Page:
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The Hyphen

Smaller than a dash, the hyphen brings words together rather than setting them apart.

Use a hyphen to form compound modifiers.


The Definition: Two or more words are acting as a single modifier for a noun.

The Clue: They belong together. They are not part of a series that can separately describe the noun.

  1. I think Steve is a well-intentioned volunteer.
  2. Steve is a helpful, supportive volunteer.
  3. The 20-year-old man was too young to buy alcohol.

The Rule: If you can put "and" between the modifiers and it makes sense, it is not a compound modifier.

The Exception: If the modifier includes "very" or an "-ly" adverb, these words alone indicate that they are part of a compound modifier, so a hyphen is redundant.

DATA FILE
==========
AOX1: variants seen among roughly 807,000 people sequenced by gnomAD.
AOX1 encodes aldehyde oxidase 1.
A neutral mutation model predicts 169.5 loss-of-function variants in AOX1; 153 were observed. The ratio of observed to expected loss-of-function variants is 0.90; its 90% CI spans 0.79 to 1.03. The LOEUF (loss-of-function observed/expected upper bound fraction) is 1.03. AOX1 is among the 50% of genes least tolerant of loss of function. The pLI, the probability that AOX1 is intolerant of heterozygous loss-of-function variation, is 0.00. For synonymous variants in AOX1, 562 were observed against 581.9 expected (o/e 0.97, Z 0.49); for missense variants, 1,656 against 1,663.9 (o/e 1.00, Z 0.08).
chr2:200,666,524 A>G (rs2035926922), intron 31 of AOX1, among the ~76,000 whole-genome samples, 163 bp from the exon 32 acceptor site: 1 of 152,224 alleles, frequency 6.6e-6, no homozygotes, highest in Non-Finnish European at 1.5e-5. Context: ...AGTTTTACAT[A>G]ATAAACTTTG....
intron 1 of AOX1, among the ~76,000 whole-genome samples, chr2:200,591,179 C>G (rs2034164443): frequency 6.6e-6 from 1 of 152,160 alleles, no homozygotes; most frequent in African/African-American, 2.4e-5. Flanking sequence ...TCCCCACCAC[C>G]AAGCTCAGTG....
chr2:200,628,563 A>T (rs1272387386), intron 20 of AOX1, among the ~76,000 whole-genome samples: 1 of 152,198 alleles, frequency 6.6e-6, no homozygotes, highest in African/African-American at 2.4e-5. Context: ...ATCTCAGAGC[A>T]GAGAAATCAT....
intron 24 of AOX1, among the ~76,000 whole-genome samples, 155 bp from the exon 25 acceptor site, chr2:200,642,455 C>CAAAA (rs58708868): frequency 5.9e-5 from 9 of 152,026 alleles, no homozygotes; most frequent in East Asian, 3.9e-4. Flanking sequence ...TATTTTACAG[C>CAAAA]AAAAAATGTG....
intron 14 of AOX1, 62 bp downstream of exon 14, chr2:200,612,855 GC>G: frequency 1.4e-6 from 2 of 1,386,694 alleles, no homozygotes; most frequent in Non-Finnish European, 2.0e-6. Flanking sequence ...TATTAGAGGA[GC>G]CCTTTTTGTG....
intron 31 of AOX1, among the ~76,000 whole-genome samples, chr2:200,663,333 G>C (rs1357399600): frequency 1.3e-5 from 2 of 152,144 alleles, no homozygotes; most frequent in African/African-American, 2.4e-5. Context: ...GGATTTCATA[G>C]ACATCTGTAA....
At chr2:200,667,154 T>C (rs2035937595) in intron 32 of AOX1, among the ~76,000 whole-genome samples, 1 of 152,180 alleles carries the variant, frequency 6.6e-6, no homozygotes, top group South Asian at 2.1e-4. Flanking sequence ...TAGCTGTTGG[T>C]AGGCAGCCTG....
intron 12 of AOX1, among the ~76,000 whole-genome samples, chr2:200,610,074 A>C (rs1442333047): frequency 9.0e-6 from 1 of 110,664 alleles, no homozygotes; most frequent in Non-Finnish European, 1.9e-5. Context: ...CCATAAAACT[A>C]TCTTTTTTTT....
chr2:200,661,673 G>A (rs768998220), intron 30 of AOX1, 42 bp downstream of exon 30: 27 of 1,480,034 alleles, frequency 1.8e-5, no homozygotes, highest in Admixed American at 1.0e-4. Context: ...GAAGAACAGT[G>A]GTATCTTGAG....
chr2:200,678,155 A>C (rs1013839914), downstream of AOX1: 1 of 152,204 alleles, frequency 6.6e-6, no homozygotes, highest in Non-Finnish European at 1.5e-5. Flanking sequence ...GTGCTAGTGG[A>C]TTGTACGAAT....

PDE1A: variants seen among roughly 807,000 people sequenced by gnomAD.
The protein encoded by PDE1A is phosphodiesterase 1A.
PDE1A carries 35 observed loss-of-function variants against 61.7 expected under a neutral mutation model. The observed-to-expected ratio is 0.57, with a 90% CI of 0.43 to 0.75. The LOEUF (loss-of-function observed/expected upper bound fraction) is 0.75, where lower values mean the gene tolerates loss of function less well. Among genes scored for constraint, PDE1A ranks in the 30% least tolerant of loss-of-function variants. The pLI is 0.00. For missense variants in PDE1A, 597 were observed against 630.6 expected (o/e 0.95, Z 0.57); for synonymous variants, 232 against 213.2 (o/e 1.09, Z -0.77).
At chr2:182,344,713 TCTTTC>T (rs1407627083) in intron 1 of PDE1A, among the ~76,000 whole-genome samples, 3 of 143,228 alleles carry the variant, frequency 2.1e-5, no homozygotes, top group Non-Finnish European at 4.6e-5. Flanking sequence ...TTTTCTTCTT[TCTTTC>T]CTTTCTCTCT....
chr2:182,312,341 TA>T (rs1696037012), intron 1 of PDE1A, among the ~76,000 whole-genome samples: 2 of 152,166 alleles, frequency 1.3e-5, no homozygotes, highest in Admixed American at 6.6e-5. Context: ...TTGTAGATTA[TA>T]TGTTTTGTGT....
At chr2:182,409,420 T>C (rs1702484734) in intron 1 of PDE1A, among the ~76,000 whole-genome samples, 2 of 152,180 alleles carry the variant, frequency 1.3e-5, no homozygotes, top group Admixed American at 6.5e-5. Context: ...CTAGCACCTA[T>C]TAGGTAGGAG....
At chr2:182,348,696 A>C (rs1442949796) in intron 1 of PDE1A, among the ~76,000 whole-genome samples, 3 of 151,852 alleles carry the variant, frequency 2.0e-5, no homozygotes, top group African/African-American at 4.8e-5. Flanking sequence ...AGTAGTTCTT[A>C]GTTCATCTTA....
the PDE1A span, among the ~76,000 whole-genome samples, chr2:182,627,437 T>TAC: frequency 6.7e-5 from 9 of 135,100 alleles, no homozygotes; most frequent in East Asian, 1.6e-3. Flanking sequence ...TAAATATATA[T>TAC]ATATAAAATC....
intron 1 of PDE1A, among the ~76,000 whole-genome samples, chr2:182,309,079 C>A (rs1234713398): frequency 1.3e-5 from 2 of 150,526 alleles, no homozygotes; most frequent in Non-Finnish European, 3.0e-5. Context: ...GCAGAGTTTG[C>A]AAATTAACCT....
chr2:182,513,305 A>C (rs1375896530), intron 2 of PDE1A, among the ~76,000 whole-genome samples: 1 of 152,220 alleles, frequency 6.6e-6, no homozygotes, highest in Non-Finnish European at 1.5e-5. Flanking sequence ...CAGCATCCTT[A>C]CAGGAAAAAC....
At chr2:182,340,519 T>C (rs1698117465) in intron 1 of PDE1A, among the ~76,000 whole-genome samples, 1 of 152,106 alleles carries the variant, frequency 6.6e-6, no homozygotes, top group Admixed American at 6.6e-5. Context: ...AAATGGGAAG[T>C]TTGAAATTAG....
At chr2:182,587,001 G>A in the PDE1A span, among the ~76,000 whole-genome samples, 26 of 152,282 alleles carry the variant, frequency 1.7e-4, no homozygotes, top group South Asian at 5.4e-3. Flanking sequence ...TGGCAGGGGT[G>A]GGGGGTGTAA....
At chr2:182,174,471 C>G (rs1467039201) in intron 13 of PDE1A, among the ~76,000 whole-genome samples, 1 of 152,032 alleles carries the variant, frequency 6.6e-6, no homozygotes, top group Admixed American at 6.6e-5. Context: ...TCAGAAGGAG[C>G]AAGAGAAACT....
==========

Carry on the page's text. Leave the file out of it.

1. Most people think they have a well-developed sense of style.
  2. Steve has a highly developed sense of style.
  3. Susan has an open-minded view of the world.
  4. Doug thinks he has very liberal views.

The Kicker: Most compound modifiers are hyphenated when they follow the linking verb "to be."

  1. I think his proposal is short-sighted.

The Caveat: But be careful to distinguish between a compound modifier and the same words not used as a modifier.

  1. His too-small effort couldn't save the game.
  2. The coat he gave his mother was too small.